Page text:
The leaves, or rather, leaf stems, break easily and here is where careful and skilful potting comes in. I frequently see people, when asked to "knock out those plants," take hold of the top of the plant as they would a cat's tail if they wanted to draw pussy from her retreat. Get the base of the plant in the fork between your fingers, and you can protect every leaf. I noticed some years ago that the English florists had small sticks pushed down on three sides of the stem of the primula just after shifting, to keep them from wobbling about, as they were potted what we would call " high." We never found any necessity for that, for they can be potted with care just right, sufficiently deep to hold them firmly upright, but not by any means to bury their crowns. This is particular; don't get them too low, but just so that they sit firmly on the soil.

If you wish to have primroses by October you should sow in April, and if you wish to have them in spring you should sow again at the end of August. You can with care sow any time from March to September. We usually sow about May 1, which gives us flowering plants from November on to March, after which we think there are many other plants, not better, but the people want a change, and for an Easter plant we do not prize them. It is in early winter that they are such favorites with everybody.

The coldframe is an excellent place to summer over the primroses. With the glass shaded and the sashes raised back and front, it is cool, and if you will not neglect them there is no place in the greenhouse where they can be grown so well. If the frame is in the shade of trees so much the better. It is coolness you want.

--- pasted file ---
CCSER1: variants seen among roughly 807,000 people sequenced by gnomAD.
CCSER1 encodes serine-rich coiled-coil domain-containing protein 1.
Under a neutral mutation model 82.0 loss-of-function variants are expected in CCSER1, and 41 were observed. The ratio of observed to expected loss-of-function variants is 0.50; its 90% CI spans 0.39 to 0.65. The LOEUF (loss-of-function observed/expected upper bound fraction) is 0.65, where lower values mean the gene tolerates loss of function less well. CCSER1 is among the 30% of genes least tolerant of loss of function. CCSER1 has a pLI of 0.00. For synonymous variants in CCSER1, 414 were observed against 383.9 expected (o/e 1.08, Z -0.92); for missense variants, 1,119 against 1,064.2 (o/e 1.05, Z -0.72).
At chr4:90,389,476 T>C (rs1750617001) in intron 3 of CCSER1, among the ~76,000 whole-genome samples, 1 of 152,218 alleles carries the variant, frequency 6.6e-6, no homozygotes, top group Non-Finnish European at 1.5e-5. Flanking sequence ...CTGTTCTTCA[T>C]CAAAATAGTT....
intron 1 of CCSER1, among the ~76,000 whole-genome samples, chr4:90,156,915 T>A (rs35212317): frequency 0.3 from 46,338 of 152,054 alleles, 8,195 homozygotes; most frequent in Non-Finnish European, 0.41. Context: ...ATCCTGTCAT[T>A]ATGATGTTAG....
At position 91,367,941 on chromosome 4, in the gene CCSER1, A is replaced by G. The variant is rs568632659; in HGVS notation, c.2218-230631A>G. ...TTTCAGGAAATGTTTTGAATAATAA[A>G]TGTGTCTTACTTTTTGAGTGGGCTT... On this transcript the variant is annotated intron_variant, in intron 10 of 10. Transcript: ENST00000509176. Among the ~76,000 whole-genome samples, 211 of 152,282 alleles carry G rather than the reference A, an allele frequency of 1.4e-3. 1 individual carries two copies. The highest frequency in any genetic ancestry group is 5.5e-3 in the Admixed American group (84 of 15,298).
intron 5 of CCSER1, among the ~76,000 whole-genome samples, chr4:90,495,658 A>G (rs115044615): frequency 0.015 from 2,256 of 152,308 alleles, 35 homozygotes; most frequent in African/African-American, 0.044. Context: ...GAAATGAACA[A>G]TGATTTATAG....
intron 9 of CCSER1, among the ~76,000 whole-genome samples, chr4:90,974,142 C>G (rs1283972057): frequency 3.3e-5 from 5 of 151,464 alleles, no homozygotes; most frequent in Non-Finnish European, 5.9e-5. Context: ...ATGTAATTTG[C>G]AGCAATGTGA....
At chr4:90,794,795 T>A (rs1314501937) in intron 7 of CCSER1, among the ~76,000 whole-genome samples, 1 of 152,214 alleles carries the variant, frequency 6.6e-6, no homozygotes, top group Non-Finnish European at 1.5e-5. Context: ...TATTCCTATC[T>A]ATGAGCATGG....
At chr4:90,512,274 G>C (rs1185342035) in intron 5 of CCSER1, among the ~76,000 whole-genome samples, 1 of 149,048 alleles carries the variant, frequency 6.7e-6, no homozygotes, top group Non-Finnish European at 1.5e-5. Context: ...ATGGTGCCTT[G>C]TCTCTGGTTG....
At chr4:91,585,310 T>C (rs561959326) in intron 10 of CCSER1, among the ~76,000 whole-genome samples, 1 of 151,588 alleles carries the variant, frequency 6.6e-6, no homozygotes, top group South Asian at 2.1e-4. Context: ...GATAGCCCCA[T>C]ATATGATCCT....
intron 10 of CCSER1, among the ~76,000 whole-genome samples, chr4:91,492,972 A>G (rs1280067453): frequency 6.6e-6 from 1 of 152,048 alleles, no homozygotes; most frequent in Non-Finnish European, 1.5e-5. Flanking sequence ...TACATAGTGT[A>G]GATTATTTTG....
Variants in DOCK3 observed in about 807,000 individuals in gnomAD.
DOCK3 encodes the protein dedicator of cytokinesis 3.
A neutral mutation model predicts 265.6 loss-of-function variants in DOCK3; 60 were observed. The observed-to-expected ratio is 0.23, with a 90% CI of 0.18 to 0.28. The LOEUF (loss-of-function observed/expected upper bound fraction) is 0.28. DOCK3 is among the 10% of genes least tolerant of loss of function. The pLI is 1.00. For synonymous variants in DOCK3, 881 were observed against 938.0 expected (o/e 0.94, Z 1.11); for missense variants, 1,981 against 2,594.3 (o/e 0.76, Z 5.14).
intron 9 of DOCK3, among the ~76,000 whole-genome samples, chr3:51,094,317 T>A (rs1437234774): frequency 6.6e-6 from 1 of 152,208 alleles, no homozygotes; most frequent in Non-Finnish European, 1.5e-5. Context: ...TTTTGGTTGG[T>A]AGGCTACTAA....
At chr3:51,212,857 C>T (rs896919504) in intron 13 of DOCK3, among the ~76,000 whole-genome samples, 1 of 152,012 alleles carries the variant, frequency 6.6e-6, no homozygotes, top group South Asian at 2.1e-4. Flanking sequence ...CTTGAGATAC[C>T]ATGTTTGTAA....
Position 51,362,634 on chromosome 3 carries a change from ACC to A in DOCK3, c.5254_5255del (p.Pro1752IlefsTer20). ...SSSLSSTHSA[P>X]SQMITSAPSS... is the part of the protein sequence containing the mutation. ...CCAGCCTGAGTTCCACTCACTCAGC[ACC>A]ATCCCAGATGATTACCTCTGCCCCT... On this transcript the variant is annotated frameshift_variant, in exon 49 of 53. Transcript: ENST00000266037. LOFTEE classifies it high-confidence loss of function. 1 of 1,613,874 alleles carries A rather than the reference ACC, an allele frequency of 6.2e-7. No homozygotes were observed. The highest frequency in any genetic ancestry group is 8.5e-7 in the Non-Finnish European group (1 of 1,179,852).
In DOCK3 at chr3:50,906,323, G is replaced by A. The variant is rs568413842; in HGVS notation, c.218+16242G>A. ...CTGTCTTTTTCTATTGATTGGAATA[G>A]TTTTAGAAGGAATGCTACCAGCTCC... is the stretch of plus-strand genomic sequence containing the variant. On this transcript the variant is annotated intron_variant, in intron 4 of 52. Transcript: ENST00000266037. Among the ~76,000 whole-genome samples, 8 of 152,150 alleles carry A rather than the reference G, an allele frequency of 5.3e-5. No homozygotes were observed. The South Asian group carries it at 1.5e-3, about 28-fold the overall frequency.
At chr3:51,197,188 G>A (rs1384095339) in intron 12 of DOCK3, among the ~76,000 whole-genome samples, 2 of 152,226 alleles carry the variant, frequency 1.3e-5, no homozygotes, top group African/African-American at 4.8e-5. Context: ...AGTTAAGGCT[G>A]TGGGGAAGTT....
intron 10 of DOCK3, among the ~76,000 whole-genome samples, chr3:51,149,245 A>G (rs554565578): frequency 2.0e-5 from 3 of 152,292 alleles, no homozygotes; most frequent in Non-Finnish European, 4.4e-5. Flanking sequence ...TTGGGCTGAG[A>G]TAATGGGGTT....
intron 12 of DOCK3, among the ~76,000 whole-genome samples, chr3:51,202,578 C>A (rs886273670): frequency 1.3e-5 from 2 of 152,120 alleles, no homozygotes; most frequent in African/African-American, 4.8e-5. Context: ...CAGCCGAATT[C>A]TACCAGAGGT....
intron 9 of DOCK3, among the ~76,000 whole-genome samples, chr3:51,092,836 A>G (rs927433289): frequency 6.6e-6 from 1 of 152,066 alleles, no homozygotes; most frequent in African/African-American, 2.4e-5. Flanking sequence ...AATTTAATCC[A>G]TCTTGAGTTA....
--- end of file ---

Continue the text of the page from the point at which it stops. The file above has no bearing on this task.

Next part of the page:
Sow on some light loam and leaf-mold that has been previously well watered. Just press in the seed and cover with more leaf-mold very lightly; when the seed is out of sight it is covering enough. Place a pane of glass over the flat or pan and don't let the soil get parched. When the little plants are up keep the pan in the coolest place you have.

In five or six weeks they can be potted singly in 2-inch pots, using clean pots. 1 have found these little plants do finely on a shelf in a house that had a good shade. In another five or six weeks they will go into a 3-inch pot. If you don't have a coldframe, then give them a bench where it is shaded overhead, and they can get plenty of air. By the end of August or early September they should be shifted into their flowering pot. We sell most of them in 4-inch pots, and the great majority go as soon as one fine truss is developed, but to grow a fine plant they should have a 5-inch.

After the heat of summer is gone we try to keep them at about 50 degrees at night, but less won't hurt them in the least. And don't crowd them at any time; they must have full room for the spread of their pretty leaves, or they are useles. They need little syringing, and none when in flower, but when growing during summer a fine sprinkling does them good. They wilt quickly when allowed to suffer for want of water and need plenty of water from seedpan to flowering. The soil should be always in that condition that it will take plenty of water.

If you flower them as late as March or April their flowers will need shading.